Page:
A note on our editorial history and practice:
The first Bettering American Poetry project was initiated by Amy King, who gathered together a group of poets with complementary yet distinct approaches to politics/poetics to serve as co-editors of the first anthology project. Bettering American Poetry 2015 was born out of both rage and hope, with an eye toward better publishing practices and the championing of vital artists.
Each subsequent anthology's editorial team will be comprised of poets who were published in previous editions of Bettering American Poetry, as well as guest editors as yet unrelated to the Bettering project. This way, we hope to trouble the distinction between poet & editor, publisher & published, in ways that are productive and exciting. And as this series grows, we hope to build a large and supportive network of readers & writers that can take our project in new directions and build altogether new projects.
The Bettering American Poetry Series and its publisher, Bettering Books, are curated by Sarah Clark, Amy King, and Héctor Ramírez. As curators of the series, Sarah, Amy, and Héctor supplement the selections made by editors where and if necessary (for instance, in the event that one editor cannot fulfill their duties, or if we simply feel the need to bring more underrepresented voices in the room). However, it is ultimately the role of each anthology's editorial team to take charge of the content, shape, direction, and aspirations of their project however they see fit, beyond the general mission of the Bettering American Poetry Series.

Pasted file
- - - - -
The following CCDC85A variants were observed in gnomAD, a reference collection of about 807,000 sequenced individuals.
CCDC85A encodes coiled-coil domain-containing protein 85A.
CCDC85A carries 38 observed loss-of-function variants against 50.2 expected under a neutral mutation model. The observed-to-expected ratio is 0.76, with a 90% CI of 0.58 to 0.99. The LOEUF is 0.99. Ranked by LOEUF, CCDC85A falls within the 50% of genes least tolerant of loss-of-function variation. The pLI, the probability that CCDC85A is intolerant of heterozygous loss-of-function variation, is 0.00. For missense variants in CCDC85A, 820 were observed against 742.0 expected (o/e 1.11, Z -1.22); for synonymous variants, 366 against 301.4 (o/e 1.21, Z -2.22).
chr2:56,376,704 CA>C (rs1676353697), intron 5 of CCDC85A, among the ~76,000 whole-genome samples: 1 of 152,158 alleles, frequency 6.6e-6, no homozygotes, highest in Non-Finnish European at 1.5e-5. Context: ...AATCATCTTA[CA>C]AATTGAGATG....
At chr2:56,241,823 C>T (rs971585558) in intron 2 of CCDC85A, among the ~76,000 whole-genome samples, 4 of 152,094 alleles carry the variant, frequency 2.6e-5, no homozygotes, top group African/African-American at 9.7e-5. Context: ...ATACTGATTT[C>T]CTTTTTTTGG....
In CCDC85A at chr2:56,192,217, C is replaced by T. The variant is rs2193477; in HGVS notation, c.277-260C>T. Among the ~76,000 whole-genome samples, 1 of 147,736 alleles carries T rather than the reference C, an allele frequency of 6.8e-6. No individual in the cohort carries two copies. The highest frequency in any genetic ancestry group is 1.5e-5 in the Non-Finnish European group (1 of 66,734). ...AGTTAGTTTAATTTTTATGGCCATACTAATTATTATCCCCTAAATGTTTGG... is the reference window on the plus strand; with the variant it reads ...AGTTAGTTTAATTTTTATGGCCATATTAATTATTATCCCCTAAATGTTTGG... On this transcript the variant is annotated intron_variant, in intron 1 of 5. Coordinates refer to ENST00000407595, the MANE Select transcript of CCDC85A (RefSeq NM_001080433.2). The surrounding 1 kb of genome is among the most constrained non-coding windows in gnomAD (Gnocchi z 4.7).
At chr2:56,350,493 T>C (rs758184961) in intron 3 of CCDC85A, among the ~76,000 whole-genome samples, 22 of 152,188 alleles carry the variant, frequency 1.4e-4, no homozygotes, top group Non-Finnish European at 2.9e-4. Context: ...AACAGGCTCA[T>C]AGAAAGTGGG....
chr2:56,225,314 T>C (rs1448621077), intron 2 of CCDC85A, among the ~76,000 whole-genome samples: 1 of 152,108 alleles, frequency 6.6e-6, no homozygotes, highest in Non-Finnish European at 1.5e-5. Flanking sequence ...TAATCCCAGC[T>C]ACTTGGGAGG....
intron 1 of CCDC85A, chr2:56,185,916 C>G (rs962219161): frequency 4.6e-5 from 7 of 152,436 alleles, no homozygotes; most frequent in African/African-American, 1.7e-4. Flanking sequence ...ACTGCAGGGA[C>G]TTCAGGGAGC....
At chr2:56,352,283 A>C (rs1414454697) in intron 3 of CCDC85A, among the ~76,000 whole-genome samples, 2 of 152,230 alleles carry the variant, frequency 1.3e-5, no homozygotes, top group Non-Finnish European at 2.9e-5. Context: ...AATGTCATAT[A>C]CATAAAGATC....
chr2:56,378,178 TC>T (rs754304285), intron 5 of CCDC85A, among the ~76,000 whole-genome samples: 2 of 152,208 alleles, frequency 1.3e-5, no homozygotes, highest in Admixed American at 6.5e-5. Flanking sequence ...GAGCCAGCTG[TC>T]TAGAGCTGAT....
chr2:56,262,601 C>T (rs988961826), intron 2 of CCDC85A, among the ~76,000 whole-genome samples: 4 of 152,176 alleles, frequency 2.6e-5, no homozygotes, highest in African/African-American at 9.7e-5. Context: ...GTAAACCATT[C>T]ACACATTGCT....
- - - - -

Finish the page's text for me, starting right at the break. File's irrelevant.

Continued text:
We do not believe in "objective" reading practices. We do not believe in spotlighting the "best" poems from a given year. We do not believe there is any one way to master the role of editor/curator/publisher. We believe in active & passionate reading, transparency in mission & masthead, and committing ourselves to building a series that is an organism, not an institution.
Each book we put out will be an act of resistance & a space of refuge.
-Sarah & Amy & Héctor